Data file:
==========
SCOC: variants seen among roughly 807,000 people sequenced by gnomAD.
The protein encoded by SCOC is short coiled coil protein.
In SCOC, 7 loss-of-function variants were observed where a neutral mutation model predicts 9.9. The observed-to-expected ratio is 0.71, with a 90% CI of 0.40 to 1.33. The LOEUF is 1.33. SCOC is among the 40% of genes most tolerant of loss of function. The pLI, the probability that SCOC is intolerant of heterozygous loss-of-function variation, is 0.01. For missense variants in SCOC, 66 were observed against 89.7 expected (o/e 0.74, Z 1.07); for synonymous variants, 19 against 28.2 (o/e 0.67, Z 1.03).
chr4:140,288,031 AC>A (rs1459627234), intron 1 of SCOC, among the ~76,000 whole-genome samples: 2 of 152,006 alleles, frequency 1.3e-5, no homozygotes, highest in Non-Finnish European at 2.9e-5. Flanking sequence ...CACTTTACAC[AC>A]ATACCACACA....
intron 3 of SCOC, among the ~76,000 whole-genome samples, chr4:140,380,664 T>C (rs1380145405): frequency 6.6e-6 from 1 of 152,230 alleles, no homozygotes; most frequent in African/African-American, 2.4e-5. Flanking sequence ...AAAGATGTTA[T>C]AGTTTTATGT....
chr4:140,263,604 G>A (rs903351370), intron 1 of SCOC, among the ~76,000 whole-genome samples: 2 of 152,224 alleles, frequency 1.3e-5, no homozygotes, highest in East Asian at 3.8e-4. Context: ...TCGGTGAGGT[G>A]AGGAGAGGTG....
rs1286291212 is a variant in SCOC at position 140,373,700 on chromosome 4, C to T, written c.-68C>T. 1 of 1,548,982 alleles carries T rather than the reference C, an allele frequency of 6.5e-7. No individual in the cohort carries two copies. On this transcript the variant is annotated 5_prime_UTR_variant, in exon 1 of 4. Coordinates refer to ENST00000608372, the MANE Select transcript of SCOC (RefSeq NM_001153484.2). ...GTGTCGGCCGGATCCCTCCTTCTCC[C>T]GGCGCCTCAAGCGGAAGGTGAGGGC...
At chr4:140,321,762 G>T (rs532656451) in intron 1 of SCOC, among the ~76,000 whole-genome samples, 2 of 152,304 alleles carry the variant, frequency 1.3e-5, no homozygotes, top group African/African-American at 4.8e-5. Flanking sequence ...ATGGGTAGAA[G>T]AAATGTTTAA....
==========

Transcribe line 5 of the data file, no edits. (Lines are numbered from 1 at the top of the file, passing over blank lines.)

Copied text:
intron 3 of SCOC, among the ~76,000 whole-genome samples, chr4:140,380,664 T>C (rs1380145405): frequency 6.6e-6 from 1 of 152,230 alleles, no homozygotes; most frequent in African/African-American, 2.4e-5. Flanking sequence ...AAAGATGTTA[T>C]AGTTTTATGT....